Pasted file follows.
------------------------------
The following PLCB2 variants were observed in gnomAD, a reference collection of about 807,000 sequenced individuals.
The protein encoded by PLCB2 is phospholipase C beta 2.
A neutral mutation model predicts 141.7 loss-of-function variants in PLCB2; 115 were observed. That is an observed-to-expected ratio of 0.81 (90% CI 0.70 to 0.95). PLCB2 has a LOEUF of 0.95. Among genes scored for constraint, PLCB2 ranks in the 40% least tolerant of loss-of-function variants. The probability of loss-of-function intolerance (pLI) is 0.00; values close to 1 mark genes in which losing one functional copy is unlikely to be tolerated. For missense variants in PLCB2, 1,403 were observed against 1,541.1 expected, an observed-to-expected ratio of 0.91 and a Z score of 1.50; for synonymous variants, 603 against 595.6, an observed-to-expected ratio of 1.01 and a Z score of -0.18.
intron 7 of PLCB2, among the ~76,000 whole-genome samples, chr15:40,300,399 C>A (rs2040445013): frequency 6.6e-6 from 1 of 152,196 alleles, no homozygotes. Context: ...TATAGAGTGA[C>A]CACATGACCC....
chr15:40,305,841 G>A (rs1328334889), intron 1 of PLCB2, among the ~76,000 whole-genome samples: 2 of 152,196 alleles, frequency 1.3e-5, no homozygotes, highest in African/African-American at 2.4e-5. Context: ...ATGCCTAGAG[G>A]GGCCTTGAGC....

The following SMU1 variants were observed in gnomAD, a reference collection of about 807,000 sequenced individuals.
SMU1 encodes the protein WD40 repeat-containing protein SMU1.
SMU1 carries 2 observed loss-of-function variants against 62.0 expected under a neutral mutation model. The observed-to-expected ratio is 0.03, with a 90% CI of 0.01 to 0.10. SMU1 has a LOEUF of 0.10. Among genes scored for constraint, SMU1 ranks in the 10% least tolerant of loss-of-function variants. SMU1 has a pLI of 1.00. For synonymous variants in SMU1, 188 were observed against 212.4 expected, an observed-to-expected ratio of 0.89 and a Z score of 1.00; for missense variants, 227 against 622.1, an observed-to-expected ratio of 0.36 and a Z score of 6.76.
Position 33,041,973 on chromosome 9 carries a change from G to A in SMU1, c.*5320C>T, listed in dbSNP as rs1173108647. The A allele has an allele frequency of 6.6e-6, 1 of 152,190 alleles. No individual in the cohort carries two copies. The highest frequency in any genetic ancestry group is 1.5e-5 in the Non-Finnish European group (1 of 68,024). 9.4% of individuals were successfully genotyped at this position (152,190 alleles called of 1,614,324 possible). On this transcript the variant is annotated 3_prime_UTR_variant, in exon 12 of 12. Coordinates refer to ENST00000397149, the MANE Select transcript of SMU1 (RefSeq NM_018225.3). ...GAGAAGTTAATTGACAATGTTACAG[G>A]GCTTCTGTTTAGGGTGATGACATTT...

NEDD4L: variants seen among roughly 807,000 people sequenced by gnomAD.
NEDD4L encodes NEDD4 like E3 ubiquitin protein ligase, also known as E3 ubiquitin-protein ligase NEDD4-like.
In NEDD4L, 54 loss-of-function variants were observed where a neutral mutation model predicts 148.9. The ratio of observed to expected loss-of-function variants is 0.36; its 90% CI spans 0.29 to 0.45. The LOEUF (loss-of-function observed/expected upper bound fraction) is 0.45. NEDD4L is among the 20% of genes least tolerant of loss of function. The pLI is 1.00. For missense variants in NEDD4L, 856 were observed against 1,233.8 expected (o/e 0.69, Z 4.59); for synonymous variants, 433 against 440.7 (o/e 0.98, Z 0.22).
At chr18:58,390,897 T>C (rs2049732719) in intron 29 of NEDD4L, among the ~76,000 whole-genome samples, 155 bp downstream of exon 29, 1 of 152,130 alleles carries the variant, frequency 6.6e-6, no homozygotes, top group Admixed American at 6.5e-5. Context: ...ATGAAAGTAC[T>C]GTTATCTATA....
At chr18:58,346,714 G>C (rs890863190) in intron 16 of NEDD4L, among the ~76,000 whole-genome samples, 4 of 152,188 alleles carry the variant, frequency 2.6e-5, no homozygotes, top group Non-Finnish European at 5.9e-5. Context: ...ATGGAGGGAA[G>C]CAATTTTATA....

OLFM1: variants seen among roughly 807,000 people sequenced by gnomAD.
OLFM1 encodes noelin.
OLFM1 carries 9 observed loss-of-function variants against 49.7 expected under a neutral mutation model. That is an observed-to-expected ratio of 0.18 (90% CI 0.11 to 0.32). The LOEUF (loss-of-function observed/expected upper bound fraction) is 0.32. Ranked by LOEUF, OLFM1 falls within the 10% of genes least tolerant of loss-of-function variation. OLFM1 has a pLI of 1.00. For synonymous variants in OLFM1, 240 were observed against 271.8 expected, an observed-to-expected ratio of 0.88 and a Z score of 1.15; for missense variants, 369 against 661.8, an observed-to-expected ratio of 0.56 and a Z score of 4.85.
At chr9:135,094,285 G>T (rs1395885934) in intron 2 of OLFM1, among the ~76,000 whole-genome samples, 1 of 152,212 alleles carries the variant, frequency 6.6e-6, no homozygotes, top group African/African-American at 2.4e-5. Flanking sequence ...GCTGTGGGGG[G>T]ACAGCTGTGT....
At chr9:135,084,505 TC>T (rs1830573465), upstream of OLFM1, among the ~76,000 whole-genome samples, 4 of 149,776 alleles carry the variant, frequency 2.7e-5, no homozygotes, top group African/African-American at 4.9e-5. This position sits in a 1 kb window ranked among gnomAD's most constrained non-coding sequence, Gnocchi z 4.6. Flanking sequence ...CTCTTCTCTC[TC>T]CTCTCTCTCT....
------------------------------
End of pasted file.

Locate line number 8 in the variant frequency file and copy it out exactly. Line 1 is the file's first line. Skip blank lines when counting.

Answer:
SMU1 carries 2 observed loss-of-function variants against 62.0 expected under a neutral mutation model. The observed-to-expected ratio is 0.03, with a 90% CI of 0.01 to 0.10. SMU1 has a LOEUF of 0.10. Among genes scored for constraint, SMU1 ranks in the 10% least tolerant of loss-of-function variants. SMU1 has a pLI of 1.00. For synonymous variants in SMU1, 188 were observed against 212.4 expected, an observed-to-expected ratio of 0.89 and a Z score of 1.00; for missense variants, 227 against 622.1, an observed-to-expected ratio of 0.36 and a Z score of 6.76.